Wednesday, June 18, 2008

The Woman in White -- Wilkie Collins

Recently, a friend of my husband with impeccable taste in literature told me that he couldn't believe I hadn't read The Woman in White yet, since he had recommended it to me almost a year earlier. Though I usually relish the first weeks of summer as a time to read complete fluff, I decided finally to try my luck with this 600+ page beast -- and found, to my delight, that this book was exactly what I was looking for (just a lot longer, better written, and set in Victorian England).

Wilkie Collins, the author of The Woman in White, was famous during the 19th century as a writer of what was called "the sensation novel," a mystery subgenre that includes all of the elements of Gothic fiction save the supernatural elements: suspense, intrigue, murder and other crimes, damsels in distress, mistaken identities, deadly secrets, locked doors in creepy mansions. His novel The Moonstone is considered to be the first English "detective novel," another subgenre of mystery. Collins was a great fan, and devotee, of Charles Dickens, and it is interesting to note that his novels were also serialized (in fact, serialized publication of The Woman in White began in the same periodical as A Tale of Two Cities on the very day Dickens' beloved work finished its run) and therefore subject to the same influences of the demands of a mass audience: the story must be tantalizing and fast-paced enough to satisfy readers, but must be drawn out enough with cliff-hangers and dangerous obstacles for the main characters to induce those readers to buy more copies of the paper for future installments.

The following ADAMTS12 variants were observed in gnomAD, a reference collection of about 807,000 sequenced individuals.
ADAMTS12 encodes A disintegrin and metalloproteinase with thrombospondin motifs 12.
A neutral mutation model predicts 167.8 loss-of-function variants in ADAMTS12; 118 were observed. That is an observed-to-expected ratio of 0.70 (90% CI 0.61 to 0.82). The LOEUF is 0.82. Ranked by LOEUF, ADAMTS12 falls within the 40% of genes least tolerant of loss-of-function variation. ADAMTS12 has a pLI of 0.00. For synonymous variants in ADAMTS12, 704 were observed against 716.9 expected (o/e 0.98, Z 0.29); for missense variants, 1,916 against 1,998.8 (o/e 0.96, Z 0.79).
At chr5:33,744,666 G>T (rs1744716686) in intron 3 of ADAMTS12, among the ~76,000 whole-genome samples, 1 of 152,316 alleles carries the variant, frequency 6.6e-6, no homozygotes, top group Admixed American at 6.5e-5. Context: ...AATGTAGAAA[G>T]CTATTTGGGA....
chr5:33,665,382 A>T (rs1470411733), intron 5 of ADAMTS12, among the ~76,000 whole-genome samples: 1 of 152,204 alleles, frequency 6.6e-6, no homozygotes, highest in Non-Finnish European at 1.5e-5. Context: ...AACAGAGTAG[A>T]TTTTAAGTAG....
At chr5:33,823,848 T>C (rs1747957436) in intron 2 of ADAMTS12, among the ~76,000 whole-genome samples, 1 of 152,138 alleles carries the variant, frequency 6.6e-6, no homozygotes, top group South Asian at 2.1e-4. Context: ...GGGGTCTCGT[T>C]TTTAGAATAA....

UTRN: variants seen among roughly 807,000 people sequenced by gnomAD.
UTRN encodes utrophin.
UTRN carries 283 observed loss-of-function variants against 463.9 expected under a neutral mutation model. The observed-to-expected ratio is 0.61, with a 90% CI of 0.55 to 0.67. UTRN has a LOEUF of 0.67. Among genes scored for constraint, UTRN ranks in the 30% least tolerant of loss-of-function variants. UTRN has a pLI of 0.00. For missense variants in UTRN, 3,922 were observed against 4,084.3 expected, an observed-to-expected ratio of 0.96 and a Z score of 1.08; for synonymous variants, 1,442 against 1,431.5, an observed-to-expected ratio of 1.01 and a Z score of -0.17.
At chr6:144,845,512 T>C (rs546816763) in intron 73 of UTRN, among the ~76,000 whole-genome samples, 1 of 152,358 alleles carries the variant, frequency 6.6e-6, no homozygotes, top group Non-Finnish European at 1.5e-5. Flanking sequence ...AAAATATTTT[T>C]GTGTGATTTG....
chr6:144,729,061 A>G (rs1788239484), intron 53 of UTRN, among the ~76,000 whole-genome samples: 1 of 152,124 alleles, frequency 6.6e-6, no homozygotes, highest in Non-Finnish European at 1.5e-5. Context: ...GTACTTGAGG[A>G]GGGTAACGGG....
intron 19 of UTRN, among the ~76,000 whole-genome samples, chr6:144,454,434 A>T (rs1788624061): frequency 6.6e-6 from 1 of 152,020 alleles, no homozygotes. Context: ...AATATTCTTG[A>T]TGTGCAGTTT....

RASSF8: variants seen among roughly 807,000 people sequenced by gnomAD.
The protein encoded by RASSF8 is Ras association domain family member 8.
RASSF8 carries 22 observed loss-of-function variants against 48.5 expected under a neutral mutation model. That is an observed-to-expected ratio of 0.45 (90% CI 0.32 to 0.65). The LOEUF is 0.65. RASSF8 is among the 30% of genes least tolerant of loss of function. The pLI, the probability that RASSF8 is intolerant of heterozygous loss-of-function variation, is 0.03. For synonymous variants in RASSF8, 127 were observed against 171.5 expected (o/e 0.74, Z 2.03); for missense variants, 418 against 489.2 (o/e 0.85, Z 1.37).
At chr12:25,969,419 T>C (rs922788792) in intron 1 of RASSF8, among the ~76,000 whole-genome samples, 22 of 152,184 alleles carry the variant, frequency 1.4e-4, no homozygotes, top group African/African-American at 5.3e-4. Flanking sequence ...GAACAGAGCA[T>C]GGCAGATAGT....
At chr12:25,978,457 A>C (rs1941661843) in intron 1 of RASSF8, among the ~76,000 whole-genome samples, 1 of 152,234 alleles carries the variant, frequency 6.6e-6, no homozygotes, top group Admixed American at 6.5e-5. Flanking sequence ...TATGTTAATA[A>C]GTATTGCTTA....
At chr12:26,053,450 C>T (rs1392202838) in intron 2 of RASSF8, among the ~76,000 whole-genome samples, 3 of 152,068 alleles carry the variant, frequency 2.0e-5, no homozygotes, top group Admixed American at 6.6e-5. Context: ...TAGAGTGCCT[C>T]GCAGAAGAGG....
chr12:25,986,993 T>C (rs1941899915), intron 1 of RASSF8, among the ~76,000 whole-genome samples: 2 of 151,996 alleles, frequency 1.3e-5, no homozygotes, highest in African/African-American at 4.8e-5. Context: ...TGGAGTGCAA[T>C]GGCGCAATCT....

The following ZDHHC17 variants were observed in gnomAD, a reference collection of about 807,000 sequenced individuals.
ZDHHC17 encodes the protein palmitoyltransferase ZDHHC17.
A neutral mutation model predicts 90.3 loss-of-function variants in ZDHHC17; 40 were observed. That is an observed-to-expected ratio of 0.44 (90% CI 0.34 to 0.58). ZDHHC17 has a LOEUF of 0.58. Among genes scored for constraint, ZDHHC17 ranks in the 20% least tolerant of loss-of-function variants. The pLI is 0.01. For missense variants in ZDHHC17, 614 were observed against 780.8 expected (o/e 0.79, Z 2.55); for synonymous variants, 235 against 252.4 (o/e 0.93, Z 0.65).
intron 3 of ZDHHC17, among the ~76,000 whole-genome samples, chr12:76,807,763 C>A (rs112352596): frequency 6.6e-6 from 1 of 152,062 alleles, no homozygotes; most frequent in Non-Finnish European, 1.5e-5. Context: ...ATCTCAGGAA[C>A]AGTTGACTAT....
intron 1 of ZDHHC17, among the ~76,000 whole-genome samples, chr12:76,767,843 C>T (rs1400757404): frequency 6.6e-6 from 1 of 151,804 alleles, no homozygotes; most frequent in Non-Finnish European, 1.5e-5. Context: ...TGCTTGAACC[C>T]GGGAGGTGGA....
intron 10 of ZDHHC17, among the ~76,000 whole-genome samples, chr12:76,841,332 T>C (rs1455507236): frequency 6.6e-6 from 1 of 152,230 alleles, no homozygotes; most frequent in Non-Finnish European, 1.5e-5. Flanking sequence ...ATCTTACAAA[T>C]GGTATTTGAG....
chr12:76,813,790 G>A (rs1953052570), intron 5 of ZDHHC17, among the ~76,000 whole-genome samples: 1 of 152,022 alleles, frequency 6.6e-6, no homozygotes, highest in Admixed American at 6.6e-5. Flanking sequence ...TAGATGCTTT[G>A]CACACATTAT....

The Woman in White focuses on 6 key characters and their intertwined fates. In order of appearance, these 6 characters are as follows: Walter Hartright, an optimistic and determined young artist; Anne Catherick, a mysterious woman with a troubled past; the clever and strong-willed Marian Halcombe; Marian's beautiful and fragile half-sister, Laura Fairlie; Laura's betrothed, the frightening Sir Percival Glyde; and Count Fosco, Sir Percival's corpulent and cunning Italian friend. Walter is on his way to take a post as Marian and Laura's art teacher when, on a lonely road in the dead of night, he encounters the ghostly visage of a woman dressed only in white, begging him for assistance. When Walter arrives at the Fairlie residence, he and Marian begin to unravel the mystery behind this spooky encounter, only to discover two things: that the desperate young woman seems to be connected to Marian and Laura's family, and that the mystery goes far deeper than they ever expected.

At this point in the story, another Victorian novel genre leaps to mind: the governess novel. Though Walter is a male, his connections to Jane Eyre and other governesses are otherwise undeniable. He is an outsider, thrust into an upper-class family and, though he forms close relationships with them, is not considered "one of them"; he falls in love with a member of the family and is reprimanded for attempting to transcend his role as "servant"; he discovers that the family has a dark secret that he must get to the bottom of -- whatever the cost may be. However, a significant difference is present. Whereas Jane is able to "marry up" and (attempt to) form a union with Mr. Rochester, Walter cannot even mention his sentiments of devotion and must leave the house in disgrace. Therefore, it is the union in the former, and the lack of union in the latter, that sets in motion the dramatic events that take place in each respective book.